Encouraging signs for El Niño?
LCRA Chief Meteorologist Bob Rose says there are encouraging signs that an El Niño weather pattern will develop this fall and winter. A strong El Niño could be very good news in Central Texas. The weather phenomenon tends to cause more rain than usual in Texas. Rose says the latest long-term forecasts call for above-normal rainfall in Texas through the end of March.
Based on several recommendations, including the Lady Bird Johnson Wildflower Center, we purchased our wildflower seeds from Native American Seed in Junction, Texas. To maximize the variety of wildflowers that will bloom along our trails while maintaining the old standbys like Bluebonnets, Indian Blanket, Lemon Mint and Coreopsis, we combined four native seed mixes in this manner:
5 pounds of Lady Bird's Legacy Wildflower Mix:
5 pounds of Deer Resistant Mix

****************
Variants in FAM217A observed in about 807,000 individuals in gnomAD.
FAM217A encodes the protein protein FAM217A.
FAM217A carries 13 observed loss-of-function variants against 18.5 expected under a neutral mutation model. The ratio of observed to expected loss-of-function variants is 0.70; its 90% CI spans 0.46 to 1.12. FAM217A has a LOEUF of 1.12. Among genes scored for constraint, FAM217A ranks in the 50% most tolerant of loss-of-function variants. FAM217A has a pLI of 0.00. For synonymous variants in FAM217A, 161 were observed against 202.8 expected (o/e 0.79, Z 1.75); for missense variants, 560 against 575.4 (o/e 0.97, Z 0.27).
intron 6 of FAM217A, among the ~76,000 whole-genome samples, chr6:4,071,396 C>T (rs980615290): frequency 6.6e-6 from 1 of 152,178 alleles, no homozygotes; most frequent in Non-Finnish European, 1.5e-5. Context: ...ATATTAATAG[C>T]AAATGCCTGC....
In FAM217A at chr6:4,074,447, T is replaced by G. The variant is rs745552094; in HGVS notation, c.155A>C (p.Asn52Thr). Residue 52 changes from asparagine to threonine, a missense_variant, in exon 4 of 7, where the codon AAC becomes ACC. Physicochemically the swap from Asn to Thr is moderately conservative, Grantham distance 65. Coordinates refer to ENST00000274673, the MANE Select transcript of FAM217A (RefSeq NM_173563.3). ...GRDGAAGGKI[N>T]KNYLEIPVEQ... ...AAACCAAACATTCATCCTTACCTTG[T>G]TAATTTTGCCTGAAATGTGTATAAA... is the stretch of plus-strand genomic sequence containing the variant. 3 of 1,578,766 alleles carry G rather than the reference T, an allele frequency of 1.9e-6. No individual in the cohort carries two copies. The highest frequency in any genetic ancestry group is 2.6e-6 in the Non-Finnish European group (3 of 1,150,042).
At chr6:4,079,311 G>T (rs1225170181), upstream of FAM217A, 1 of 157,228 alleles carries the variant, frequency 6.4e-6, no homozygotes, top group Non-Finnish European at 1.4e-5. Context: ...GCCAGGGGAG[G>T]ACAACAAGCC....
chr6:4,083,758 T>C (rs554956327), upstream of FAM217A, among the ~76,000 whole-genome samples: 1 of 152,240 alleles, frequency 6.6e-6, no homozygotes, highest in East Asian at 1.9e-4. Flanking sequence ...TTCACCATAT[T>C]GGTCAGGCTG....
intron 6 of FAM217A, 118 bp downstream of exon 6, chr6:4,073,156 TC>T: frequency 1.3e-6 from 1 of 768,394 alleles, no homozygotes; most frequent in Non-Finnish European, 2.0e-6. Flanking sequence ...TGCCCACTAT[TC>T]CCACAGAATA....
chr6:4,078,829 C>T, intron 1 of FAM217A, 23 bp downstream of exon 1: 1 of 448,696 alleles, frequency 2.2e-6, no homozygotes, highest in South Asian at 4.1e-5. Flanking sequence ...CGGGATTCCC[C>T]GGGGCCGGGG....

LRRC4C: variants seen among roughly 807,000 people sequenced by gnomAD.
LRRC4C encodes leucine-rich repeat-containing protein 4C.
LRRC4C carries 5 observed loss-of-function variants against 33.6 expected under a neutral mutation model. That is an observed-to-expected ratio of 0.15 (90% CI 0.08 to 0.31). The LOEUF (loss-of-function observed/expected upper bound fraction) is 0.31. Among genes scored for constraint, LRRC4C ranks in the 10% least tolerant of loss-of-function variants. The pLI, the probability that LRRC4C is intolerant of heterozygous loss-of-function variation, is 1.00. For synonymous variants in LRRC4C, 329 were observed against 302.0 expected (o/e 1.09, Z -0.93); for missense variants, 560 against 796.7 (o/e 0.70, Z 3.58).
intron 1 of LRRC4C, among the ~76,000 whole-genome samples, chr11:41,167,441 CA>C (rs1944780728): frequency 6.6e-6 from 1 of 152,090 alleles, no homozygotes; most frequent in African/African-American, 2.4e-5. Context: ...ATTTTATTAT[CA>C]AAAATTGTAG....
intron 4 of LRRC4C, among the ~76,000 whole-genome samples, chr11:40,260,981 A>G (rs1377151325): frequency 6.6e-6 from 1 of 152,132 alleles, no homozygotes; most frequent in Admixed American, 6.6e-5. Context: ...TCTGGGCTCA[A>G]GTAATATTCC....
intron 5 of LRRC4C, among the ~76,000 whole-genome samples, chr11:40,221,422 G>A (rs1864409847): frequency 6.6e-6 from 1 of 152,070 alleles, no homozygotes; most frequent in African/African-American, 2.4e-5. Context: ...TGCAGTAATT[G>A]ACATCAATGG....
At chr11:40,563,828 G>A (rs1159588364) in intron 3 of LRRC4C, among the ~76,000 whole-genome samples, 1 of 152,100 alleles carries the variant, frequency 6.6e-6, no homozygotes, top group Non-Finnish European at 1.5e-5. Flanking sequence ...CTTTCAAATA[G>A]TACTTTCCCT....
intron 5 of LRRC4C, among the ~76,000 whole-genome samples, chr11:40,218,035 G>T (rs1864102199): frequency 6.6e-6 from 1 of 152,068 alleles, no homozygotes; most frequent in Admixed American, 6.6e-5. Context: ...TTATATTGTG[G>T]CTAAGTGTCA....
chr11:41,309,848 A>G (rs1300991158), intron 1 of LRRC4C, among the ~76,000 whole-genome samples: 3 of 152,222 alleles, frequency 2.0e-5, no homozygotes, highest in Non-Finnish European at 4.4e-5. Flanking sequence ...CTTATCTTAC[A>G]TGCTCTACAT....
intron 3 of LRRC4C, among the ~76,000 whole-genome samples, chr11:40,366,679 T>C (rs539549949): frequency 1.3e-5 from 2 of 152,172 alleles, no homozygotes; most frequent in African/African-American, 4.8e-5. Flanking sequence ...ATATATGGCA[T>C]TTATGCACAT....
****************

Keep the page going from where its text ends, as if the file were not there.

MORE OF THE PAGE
24 pounds of Bee Happy Mix
17 pounds of Native Texas Mix
In addition, we ordered 6 pounds of Native American Seed's Shade Friendly Mix:
We plan on using the Shade Friendly Mix along several trails in Canyonlands, along parts of the Clubhouse Trail in Hamilton Greenbelt and near a few rest areas with picnic tables or benches that are popular shady stops along our trails. Folks who have been assigned sections of trail requiring shade mix should bring two mop buckets.
Please e-mail Bob Schooler at firstname.lastname@example.org if you are able to volunteer Saturday morning on November 8, 2014. Let us know if you are volunteering with another person to create your own team. Single volunteers are welcome; we'll pair you up with another person to form a team. Please make arrangements within your team to bring a mop bucket and leaf rake. We'll send trail maps to all the volunteers with their sections clearly identified a week or so before our November 8 workday. Keeping our fingers crossed that we have enough volunteers to get this done on November 8.
Thanks very much for your help making Lakeway's parks and trails beautiful and enjoyable for everyone.